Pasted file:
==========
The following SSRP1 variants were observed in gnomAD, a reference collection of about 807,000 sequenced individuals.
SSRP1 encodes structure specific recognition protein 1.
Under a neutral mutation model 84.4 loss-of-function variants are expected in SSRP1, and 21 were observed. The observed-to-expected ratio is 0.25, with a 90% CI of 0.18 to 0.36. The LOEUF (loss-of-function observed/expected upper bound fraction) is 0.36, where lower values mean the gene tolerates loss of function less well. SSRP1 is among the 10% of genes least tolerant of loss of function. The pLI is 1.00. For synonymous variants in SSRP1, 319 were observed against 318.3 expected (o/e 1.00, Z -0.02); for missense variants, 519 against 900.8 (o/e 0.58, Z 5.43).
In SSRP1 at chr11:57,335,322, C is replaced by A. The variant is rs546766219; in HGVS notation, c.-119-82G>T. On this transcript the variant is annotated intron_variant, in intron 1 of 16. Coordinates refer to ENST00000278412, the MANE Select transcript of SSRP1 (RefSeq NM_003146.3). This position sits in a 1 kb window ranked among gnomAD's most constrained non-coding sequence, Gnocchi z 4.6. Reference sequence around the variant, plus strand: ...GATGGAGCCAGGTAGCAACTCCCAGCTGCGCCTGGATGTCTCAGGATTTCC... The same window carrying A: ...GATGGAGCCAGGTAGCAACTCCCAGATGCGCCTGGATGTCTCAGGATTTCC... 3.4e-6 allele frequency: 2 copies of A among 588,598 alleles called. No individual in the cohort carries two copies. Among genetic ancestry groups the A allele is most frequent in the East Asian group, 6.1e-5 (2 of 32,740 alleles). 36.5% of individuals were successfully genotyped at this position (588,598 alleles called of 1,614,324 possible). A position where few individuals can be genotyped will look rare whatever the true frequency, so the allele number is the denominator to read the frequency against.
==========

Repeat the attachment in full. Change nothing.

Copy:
The following SSRP1 variants were observed in gnomAD, a reference collection of about 807,000 sequenced individuals.
SSRP1 encodes structure specific recognition protein 1.
Under a neutral mutation model 84.4 loss-of-function variants are expected in SSRP1, and 21 were observed. The observed-to-expected ratio is 0.25, with a 90% CI of 0.18 to 0.36. The LOEUF (loss-of-function observed/expected upper bound fraction) is 0.36, where lower values mean the gene tolerates loss of function less well. SSRP1 is among the 10% of genes least tolerant of loss of function. The pLI is 1.00. For synonymous variants in SSRP1, 319 were observed against 318.3 expected (o/e 1.00, Z -0.02); for missense variants, 519 against 900.8 (o/e 0.58, Z 5.43).
In SSRP1 at chr11:57,335,322, C is replaced by A. The variant is rs546766219; in HGVS notation, c.-119-82G>T. On this transcript the variant is annotated intron_variant, in intron 1 of 16. Coordinates refer to ENST00000278412, the MANE Select transcript of SSRP1 (RefSeq NM_003146.3). This position sits in a 1 kb window ranked among gnomAD's most constrained non-coding sequence, Gnocchi z 4.6. Reference sequence around the variant, plus strand: ...GATGGAGCCAGGTAGCAACTCCCAGCTGCGCCTGGATGTCTCAGGATTTCC... The same window carrying A: ...GATGGAGCCAGGTAGCAACTCCCAGATGCGCCTGGATGTCTCAGGATTTCC... 3.4e-6 allele frequency: 2 copies of A among 588,598 alleles called. No individual in the cohort carries two copies. Among genetic ancestry groups the A allele is most frequent in the East Asian group, 6.1e-5 (2 of 32,740 alleles). 36.5% of individuals were successfully genotyped at this position (588,598 alleles called of 1,614,324 possible). A position where few individuals can be genotyped will look rare whatever the true frequency, so the allele number is the denominator to read the frequency against.